When I started college in 1982, one thing I was looking forward to learning about, besides calculus, was drinking. Until then I had done essentially no drinking, though in hindsight I was probably a little buzzed at that dinner party my dad’s colleague hosted – and of course my sister would tell you about the notorious incident concerning a Unitarian youth group meeting and a bottle of elderberry wine. But other than that, I was a neophyte.
Another thing I was looking forward to finding at college was a family, or at least a community. So when I visited a fraternity house, I figured I had found two-in-one: a Drinking Fellowship!
I arrived on campus in Chicago on a Saturday night, dropped my duffel in my dorm room, and headed for the bar in the basement. As I passed through the lobby, an oddly-knotted group struggled in through the front door: two men were dragging a third, enormous, unconscious man across the floor. One of the conscious men, a fellow with a flaming red afro and lily-white skin, spotted me and cried, “Hey Pledge, come lend us a hand with this guy! Let’s get him upstairs to the john.” The other conscious fellow, very tall with a buzz-cut and sallow skin, flung the Lifeless One’s right arm across my shoulders.
The Lifeless One was vast. He stank of sweat, beer, and vomit, and was soaked in all three. As we heaved him up the stairs, I had a fleeting sense of living the wrong life, like the elephant in that Far Side cartoon who suddenly finds himself seated at a concert piano.
We maneuvered our cargo into the bathroom, kicked open a stall, and to my horror, Buzz and Red stuffed Big Boy’s head into the toilet, and flushed. Then they stood back; Red seemed pleased and satisfied.
“There! That’ll do him. Y’all right there, Poose? Hey Poose!”
“‘Poose’?”I looked at Red quizzically.
“Yeah, his name is Stavros Stephanapoulos or something, so we call him Poose. Hey! You’re the new Pledge! The one who visited last spring!”
“Yeah, I, uh–”
“Well, I’m Boze, pleazta meetcha!”
“Yeah, like Bozo, get it? And this is Head, like as in Muscle Head.”
Whereupon Head grunted.
“Head. Boze. Glad to meet you too, and… Poose…”
“Well, we’re glad you’re here. Hey, let’s go downstairs and get drunk, come on!”
I had come to engineering school to study the physical sciences, in the vague hope that understanding the workings of the Universe would help me find my place in it. I was newly aware that I possessed formidable intellectual possibilities. I had been accepted at some pretty toity schools, but I was at this one for my freshman year only due to the shoddy state of international mail service in those days. I looked down at Poose, a two-hundred-pound pile of pickled meat that used to be an engineering student, swilling in his own waste and crawling around in a toilet bowl. I had the distinct feeling that a destiny-defining moment was upon me. Without looking away from Poose, I replied, to my own surprise, “I don’t drink.”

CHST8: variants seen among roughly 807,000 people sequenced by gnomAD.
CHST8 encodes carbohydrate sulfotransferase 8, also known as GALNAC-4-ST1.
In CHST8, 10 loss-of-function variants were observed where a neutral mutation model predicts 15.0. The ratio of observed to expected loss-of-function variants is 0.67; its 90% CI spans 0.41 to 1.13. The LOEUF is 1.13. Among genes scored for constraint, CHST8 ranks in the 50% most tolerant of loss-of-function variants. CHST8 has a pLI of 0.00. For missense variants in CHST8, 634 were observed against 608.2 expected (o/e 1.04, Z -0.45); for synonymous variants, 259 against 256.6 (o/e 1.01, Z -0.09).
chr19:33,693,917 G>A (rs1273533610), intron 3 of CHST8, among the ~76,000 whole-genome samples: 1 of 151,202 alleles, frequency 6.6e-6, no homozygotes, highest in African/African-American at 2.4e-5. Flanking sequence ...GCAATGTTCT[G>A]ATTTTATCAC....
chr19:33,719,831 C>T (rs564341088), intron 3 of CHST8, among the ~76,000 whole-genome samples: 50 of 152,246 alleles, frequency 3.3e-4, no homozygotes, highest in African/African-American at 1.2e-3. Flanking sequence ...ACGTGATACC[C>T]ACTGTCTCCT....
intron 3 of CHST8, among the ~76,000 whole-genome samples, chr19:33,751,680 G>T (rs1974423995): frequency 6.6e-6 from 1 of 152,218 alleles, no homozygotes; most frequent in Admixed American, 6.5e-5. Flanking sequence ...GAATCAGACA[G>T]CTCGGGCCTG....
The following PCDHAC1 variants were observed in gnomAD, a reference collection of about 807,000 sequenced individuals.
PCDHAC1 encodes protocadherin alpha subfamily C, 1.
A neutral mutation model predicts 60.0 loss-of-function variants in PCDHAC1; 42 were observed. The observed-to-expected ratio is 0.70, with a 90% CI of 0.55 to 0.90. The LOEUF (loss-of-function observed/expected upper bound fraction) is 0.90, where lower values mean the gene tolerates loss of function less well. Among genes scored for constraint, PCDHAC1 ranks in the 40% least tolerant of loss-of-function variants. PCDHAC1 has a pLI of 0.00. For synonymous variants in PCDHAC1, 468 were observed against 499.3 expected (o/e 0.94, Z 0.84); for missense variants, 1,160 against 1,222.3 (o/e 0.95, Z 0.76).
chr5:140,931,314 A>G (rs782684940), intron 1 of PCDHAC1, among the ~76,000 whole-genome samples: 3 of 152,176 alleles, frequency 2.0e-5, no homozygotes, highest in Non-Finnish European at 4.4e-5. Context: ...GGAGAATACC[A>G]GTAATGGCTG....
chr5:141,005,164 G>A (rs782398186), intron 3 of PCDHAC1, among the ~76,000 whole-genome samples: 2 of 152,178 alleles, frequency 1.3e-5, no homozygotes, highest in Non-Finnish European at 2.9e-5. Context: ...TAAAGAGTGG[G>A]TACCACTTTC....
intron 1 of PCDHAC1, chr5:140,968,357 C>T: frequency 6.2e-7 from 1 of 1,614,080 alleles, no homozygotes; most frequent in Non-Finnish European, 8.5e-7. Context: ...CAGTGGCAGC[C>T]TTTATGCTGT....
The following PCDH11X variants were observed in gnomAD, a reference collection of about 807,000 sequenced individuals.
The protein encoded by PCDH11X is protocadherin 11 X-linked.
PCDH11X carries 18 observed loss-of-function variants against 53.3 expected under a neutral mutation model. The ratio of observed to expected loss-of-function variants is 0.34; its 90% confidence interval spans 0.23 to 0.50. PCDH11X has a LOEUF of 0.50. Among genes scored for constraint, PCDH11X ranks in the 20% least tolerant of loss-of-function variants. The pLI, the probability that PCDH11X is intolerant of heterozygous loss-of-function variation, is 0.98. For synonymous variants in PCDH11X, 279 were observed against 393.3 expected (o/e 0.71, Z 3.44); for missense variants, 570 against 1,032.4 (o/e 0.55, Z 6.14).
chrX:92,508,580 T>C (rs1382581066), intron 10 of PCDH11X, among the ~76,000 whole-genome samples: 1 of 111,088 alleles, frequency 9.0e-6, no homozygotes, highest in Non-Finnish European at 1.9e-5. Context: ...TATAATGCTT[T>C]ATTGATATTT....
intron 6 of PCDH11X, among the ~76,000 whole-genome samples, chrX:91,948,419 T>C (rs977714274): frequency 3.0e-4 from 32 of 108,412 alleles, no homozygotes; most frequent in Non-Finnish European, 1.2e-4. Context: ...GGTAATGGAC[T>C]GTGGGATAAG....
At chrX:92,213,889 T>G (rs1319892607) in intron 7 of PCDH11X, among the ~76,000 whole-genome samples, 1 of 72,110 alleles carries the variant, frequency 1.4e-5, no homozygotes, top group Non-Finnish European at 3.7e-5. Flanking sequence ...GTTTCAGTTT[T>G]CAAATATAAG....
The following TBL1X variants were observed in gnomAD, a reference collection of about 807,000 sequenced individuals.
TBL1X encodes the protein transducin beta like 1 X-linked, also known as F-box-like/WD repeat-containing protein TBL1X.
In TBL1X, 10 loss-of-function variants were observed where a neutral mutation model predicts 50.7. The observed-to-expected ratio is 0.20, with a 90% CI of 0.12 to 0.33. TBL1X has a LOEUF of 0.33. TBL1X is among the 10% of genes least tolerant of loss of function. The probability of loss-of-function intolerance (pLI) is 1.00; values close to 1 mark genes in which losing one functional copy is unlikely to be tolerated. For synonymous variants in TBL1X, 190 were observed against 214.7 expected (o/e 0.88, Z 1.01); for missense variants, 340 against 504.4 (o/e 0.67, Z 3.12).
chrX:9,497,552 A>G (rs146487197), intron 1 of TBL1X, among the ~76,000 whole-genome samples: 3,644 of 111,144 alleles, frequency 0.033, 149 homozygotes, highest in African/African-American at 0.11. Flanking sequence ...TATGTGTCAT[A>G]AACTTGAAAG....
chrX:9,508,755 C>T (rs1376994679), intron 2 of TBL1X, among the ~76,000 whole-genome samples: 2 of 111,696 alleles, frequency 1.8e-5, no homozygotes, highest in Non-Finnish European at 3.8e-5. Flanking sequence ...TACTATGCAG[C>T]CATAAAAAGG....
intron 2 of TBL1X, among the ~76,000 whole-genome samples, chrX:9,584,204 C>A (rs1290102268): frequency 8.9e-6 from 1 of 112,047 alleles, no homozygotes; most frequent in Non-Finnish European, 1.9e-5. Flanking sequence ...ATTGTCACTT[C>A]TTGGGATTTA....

“What?! Of course you do, everyone drinks, or at least they do after they start, so let’s go!”
I looked at Bozo’s shoes and repeated, “I don’t drink.”
“You understand it’s on the house, right? Open bar, no tab, gratis–”
Poose’s filth was soaked into my shirt; my neck stank of his armpit. I looked Bozo straight in the eyes and repeated, “I don’t drink.”
He blinked twice and said, “Oh! Oh, you mean you don’t drink! You’re a non-drinker, you mean, like, you don’t drink.”
“Wow, I can really respect that… you don’t drink. Wow.”
Head grunted “Wish I didn’t drink.”
Boze responded, “Yeah, me too… So let’s go! We’ll share a rum-and-coke, right? The coke for you, the rum for me!”
Head uttered a series of grunts that I interpreted as laughter. They put their arms over my shoulders and steered me downstairs.
That’s how I began my career as the Token Straight Guy. I was generally the last one standing; did most of the cleaning up; and had the clearest recollection of the fraternity party scene. After four years of college, it seemed like a healthy habit worth keeping, so I have more or less abstained from drink to the present day. Now, back then I did not know much about addictive behavior; also, I was unaware of my own father’s issues with alcoholism. I feel like I dodged a helluva bullet that day.
I don’t know how things turned out for Poose, though I think about him once in a while. But he sure had a life-defining influence on me. Thanks, Stavros.